It's a war of words. Whether it is Sarah Palin's overuse of the word "maverick," John McCain's anguish-inducing repetition of "my friends," or the gaffe-laden potpourri emanating from Joe Biden, the words candidates say are always under the microscope.
Surrogates and supporters do best when they act like parrots – mimicking talking points rather than expressing a thought of their own. And actually, that's fair. You don't vote for spokespeople. You vote for the candidate.
Where'd they go?
Not everyone gets the memo.
When a spokesperson or a surrogate freelances, they head into deep water. Some are never to be seen again.
Carly Fiorina, of the infamous "Palin is not qualified to run a business" remark only to be outdone by her "McCain is not qualified to run a business" statement, currently resides with sleestaks in the Land of the Lost.
And what seems like millennia ago now, when General Wesley Clark was auditioning for vice president back in early August he decided to overly challenge John McCain's military record. He's now pretty much living in political outer space.
But how are people supposed to know what is off-limits and what is OK to say if they aren't paying attention to the political news every day?
First, if they are chosen to speak at a rally to introduce a candidate for president or vice president, chances are they're paying attention. These people are rabid political junkies.
Second, the campaigns brief speakers ahead of time as to what's acceptable.
Despite this, a campaign can't control everything.
Take Lehigh County Pennsylvania's Republican Party chair William Platt or Florida's Lee County Sheriff Mike Scott. Both men served as speakers to warm up the crowd before John McCain or Sarah Palin came on stage.
Although their remarks were quite different, there was a commonality between them that is causing the McCain team a lot of heartburn. Because that commonality takes away from anything meaningful that might be said at the event and focuses attention on their remarks.
(That is assuming that meaningful things are said at rallies.)
The commonality? The "H" word. As in Barack Obama's middle name. Hussein. It's something you just don't say. It's probably the second most disliked word in the entire McCain campaign (second to "poll").
But the mention of Barack's middle name is dicey. Usage could link the Democratic candidate to Islam (he's a Christian) or the reviled former dictator of Iraq.
Because of the implications, the "H" word is like touching the third rail.
But that didn't stop Platt yesterday from saying it and repeating it.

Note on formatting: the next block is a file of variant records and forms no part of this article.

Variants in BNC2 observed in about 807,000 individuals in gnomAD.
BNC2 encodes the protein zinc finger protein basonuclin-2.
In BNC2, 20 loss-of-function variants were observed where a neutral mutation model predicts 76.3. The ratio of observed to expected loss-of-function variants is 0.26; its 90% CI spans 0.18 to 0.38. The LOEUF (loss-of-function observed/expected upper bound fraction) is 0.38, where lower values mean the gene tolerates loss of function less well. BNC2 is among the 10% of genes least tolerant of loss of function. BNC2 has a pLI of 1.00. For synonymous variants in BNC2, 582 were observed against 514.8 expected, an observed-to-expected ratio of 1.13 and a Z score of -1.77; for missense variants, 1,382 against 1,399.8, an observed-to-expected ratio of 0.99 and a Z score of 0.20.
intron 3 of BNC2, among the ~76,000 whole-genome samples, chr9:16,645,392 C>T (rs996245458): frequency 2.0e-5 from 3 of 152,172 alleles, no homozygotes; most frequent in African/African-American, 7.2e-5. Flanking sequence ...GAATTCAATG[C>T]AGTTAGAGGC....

"Think about how you'll feel on November 5 if you wake up in the morning and see the news, that Barack Obama – that Barack Hussein Obama – is the president-elect of the United States," Platt asked the crowd.
"The number one most liberal senator in the United States of America was, you guessed it, the ambassador of change, Barack Hussein Obama," he said. "This election is about preserving America's past and protecting the promise of its future."
As they've done in the past, the McCain campaign reacts quickly to the "H" word.
"We do not condone this inappropriate rhetoric, which distracts from the real questions of judgment, character and experience that voters will base their decisions on this November," said McCain spokesman Paul Lindsay.
Pre deja vu
The Republican team had to deal with it earlier this week as well. This time coming from the fiery Sheriff of Lee County.
"There are three types of people in our country today," Sheriff Scott explained to the crowd. "There are people that make things happen, there are people that watch things, and there are people who wonder what happened. On November 4, let's leave Barack Hussein Obama wondering what happened."
I ain't done nothin' wrong
The crowd ate it up. And the McCain campaign had to put out their statement disavowing it. But as the Fort Myers press later reported, the Sheriff has dug in his heels.
“I absolutely, unequivocally don’t regret saying it,” Scott said. “In order to be a speaker at this event, I had to give my full name — Michael Joseph Scott — to the Secret Service, even though I’m the sheriff of Lee County. So why would I apologize? Is there some kind of double standard here where I have to give my full name, but I can’t use his?”